Cannondale Announces the Single-Crown Lefty Ocho

Lefty forks have it rough. They’ve never really fit in, and they get teased a lot for it. But do they really deserve it? Have you ever actually stopped to think about a Lefty? The reasoning behind it is sound. There’s less friction in the system under normal load and a lot less friction under braking or twisting loads. And they’ve always been that way.

Up until now, Lefty’s have been dual-crown forks. Today that changes. Cannondale’s new Lefty Ocho is the first single-sided, single-crown fork on the market.

The Ocho is available in two versions, the Ocho Carbon and the Ocho Alloy. The carbon option weighs 1,446 grams, while the alloy is 1,735. It’s only available with 100 millimeters of travel. If you are well-read on 100 millimeter lightweight XC forks (and who isn’t?) you are probably thinking, hang on, the Fox 32 Step-Cast only weighs 1,358 grams. Well, informed reader, you are correct. But what you didn’t know is that the Ocho claims to be stiffer than the Fox 32 Step-Cast. As a matter of fact, Cannondale claims the Ocho is the stiffest XC World Cup fork, as well as the lowest-friction XC fork available. Big claims. It’s a big deal.

Let’s take a closer look. A traditional fork with two legs works as tubes–the stanchions–within shells–the lowers. This is a gross oversimplification, but will suffice. A single-sided fork can’t work the same way as a normal, dual-stanchioned fork because a single stanchion within an outer housing would simply spin. Cannondale saw this as an opportunity to improve upon the traditional fork model. For the Ocho that improvement comes in the shape of a triangle. A keyed, triangle stanchion. The triangle stanchion slides into the fork leg on needle bearings, interfacing with channels that stop the stanchion from rotating. Cannondale suggests a home experiment to explain: Rub your hands together hard. There is a lot of friction. Now put a pen between your hands and repeat the same motion. The pen rolls and it is easier to move your hands. Needle bearings are doing the same thing in the Ocho, and it’s the secret to how Cannondale made its fork so frictionless.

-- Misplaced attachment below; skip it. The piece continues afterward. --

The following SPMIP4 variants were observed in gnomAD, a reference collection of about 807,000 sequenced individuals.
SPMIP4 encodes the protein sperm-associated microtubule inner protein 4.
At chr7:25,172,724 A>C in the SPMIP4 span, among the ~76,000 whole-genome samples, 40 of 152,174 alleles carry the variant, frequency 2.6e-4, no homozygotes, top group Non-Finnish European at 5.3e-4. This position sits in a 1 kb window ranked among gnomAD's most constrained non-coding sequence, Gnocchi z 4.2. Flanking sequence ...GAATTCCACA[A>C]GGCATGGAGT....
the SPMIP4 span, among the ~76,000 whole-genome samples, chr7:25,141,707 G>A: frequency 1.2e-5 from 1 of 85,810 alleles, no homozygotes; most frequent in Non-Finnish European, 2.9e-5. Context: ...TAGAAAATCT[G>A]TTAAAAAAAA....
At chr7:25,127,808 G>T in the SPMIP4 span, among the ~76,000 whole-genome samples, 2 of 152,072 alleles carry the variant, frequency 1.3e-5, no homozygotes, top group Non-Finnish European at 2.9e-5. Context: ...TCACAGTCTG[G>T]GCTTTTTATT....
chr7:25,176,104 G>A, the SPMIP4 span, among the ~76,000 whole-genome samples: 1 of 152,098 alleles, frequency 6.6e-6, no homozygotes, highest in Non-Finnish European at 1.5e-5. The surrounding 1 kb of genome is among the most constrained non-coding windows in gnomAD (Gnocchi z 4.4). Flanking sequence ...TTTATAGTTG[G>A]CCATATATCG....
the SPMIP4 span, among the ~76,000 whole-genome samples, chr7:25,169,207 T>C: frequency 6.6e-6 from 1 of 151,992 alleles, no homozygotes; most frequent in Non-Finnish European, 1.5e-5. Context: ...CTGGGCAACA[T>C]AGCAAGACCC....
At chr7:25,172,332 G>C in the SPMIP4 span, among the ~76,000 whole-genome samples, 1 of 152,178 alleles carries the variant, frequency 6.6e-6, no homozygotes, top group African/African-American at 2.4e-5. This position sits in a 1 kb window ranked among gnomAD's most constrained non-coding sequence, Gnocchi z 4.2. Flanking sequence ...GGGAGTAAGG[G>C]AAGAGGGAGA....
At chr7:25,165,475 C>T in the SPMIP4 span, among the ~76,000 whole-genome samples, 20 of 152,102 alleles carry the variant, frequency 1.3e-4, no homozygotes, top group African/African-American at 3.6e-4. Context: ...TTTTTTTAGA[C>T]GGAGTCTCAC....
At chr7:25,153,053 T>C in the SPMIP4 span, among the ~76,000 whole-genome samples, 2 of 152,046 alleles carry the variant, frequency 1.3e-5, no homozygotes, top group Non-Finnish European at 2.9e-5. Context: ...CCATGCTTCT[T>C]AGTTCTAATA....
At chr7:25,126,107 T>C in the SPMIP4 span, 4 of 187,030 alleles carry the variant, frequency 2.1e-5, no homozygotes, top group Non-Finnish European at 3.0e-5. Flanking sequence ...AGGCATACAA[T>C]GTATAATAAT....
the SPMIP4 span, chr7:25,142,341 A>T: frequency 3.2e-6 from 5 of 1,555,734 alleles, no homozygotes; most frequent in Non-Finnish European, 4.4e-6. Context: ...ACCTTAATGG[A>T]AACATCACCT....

The Ocho also has the new Chamber damper, with six clicks of compression adjustment, 23 clicks of rebound damping and a remote lockout that can work on its own or in conjunction with a rear shock. It’s available with a 55-millimeter offset for 29-inch wheels, or a 50-millimeter offset for 27.5-inch wheels.

Maybe most news-worthy is that the Lefty now comes with a standard tapered steerer tube, so it can fit on a standard bike, thereby making that bike quite un-standard.

To go with the new fork is an entirely new bike. Or maybe the fork goes with the bike. Either way, the new F-Si is an XC hardtail through and through. Racers rejoice. Cannondale uses its proprietary BallisTec carbon, and the company claims it can tune the rigidity throughout the frame. Cannondale took advantage of this to tune the rear triangle to be vertically compliant for what it calls SAVE Micro-Suspension. And if that makes you scared for the carbon’s strength, fear not, the frame has a lifetime warranty. There are two different frames depending on which build you go with, the Standard weighing 1,100 grams, or the  Hi-Mod weighing 900 grams, which happens to be the lightest mountain frame Cannondale has ever produced.

All F-Si builds will come with the new Lefty Ocho. There are seven different models priced from $2,200 to $9,000.

John O'Connor Cycles